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Focusing on the bonding between three female (an African American female, a half African American half Latino American female, and a Latino American female) high school members of Brooklyn's "Jackie Robinson Steppers Marching Band" and the choices the girls face once their school closes down because of the need for asbestos removal. This film is about a host of topics, not least of which is the hard-work involved in maintaining friendships.Written by
`Our Song' gives us the lives of the three teenagers Lanisha, Maria and Joycelyn - best girlfriends hanging at the end of summer. Adolescent summer - even if we don't know the signals and landmarks of this particular terrain, Crown Heights, Brooklyn - is/was the same for us all. A lazy respite from the pressures and tumult of school. Welcome heat and idleness.
But if this experience of adolescence is universal, the inner city of the 90s is a different place than most of us know - maybe as foreign a country as any. Young bodies carving new silhouettes...beckoning new territory...the maze towards adulthood. The young mind coming into itself, speaking for itself, saying this is who I am, this is who I want to try to be. It is/was always thus. But this is how it plays out in Brooklyn in the late 90s.
Jim McKay is the writer/director of this film project but he acknowledges all who have shouted suggestions at him. The opening title slide `A film by' seems to list everyone in the universe. It's a gesture but by the end of the film, we know it to be a genuine one. [The closing titles also have some of the most on-the-money and appreciative credits I've read.] The vivid sound recording by Jan McLaughlin deserves to be especially noted. McKay's a modest leader who knows who is telling this story - it's his three graces Lanisha, Maria and Joycelyn. They're the real thing, their interactions have the fire of real friendship and the focus of reality. This ain't no music video shorthand telling of teenage life. It has the seriousness of the long unblinking stare.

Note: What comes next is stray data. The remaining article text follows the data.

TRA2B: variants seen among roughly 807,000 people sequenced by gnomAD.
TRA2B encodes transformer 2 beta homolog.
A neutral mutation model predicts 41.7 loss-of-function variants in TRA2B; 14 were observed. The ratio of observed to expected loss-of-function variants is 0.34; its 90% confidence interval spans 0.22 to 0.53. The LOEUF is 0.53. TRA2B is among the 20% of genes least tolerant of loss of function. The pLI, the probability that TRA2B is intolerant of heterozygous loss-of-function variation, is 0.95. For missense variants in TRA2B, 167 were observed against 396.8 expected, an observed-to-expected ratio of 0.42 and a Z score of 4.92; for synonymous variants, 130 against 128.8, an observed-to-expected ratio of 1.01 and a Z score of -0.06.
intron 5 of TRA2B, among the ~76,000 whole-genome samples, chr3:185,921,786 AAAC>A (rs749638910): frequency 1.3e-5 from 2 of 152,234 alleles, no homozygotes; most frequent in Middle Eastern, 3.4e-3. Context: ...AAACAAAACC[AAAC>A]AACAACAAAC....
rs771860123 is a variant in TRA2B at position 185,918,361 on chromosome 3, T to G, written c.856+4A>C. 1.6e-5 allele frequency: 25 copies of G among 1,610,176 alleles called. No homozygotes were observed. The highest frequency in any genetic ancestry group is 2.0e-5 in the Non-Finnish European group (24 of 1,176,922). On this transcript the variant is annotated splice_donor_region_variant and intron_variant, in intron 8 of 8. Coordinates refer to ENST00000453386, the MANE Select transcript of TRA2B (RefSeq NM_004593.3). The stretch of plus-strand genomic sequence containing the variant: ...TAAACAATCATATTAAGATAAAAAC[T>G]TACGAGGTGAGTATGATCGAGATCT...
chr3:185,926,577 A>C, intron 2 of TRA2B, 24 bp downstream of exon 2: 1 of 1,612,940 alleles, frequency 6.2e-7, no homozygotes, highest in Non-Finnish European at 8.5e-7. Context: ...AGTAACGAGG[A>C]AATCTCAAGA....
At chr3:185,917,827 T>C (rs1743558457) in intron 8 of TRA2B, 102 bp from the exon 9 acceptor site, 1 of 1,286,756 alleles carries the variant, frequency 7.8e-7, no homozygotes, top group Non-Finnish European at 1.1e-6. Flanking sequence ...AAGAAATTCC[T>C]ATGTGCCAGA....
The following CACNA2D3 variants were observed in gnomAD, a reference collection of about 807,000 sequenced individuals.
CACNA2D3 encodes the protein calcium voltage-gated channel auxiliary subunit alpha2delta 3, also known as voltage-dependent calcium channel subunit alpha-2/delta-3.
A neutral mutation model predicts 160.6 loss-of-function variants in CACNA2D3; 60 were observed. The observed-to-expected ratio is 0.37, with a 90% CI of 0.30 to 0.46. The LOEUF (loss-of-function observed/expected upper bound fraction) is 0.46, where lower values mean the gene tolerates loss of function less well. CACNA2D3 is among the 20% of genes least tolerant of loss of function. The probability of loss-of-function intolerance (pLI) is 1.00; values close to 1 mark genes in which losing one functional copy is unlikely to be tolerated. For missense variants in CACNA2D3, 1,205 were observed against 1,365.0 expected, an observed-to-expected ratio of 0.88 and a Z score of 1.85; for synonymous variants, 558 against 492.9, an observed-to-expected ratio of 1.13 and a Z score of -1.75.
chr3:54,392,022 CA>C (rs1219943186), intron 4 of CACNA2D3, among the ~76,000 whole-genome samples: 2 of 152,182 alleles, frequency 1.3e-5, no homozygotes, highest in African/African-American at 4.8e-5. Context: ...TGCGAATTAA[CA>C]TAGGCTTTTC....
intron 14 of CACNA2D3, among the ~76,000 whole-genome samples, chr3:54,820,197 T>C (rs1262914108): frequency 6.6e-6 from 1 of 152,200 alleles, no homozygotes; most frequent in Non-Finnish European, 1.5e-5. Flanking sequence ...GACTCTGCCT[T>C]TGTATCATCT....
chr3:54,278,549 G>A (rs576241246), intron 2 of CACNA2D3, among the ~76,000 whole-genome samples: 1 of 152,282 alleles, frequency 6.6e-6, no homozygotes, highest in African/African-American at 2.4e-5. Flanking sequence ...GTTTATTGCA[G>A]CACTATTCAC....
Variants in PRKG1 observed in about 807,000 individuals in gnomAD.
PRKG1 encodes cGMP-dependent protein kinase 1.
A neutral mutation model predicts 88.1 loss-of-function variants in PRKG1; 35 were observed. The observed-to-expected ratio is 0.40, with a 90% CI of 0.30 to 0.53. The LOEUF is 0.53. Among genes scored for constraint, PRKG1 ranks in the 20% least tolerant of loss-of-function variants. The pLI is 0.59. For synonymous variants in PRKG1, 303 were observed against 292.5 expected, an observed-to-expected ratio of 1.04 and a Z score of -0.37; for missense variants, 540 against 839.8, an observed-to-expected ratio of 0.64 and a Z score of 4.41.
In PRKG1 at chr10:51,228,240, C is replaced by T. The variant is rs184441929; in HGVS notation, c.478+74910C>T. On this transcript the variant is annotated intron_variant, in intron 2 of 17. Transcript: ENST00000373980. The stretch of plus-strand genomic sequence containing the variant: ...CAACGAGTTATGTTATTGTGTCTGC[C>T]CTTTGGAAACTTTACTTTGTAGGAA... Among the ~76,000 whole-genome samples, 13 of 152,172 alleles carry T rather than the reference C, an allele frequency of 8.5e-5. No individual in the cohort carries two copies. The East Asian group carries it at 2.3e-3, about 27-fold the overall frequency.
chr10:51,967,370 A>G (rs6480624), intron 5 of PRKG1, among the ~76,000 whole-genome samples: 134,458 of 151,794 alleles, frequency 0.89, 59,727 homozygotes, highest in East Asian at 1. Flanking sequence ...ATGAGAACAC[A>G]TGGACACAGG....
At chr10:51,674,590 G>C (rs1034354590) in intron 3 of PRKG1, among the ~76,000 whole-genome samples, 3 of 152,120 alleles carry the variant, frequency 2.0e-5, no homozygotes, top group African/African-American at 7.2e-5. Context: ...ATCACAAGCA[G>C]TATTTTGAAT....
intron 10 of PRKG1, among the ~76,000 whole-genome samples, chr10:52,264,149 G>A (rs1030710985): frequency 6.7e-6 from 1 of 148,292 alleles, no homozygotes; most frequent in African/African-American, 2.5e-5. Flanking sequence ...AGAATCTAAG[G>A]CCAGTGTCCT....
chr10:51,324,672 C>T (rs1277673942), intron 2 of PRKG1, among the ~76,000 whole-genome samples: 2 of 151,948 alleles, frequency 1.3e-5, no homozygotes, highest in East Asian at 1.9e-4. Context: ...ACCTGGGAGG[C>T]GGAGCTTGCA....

Hanging out with them, we don't quite feel included but we do feel privileged to be listening in. These are real voices speaking with plainness about the crises and dullness of daily life. We are witness to the modern math of teenage life - how its problems are interpreted, calculated and summed and solved. Small scenes illustrate large thoughts throughout. Lanisha hangs with her dad at his security job - it's the only way she gets to spend time with him. We see the love that exists between them but also the failures of family and fatherhood. In a connected scene, Lanisha defends her dad to her mom, and we see how desperately she needs to love them both and for them to love her in return. Later, the three friends lay in the dark sharing visions and dreams - and we remember how crazy/funny kids are and more tragically, how realism hammers idealism these days. And at the end, Maria simply walking down the street is a short story in itself. We see her gather up the courage to hold all her fears and doubts at bay. She demonstrates for us the strength one needs to have to be able to embrace the fragility that makes life livable.
`Our Song's greatest gift is that we really feel deeply the terribly ephemeral nature of friendship - how, one day, alive and enlivening, that intimacy can, in the next, just turn and drift away. It's awful, but that's just the way it is, isn't it?
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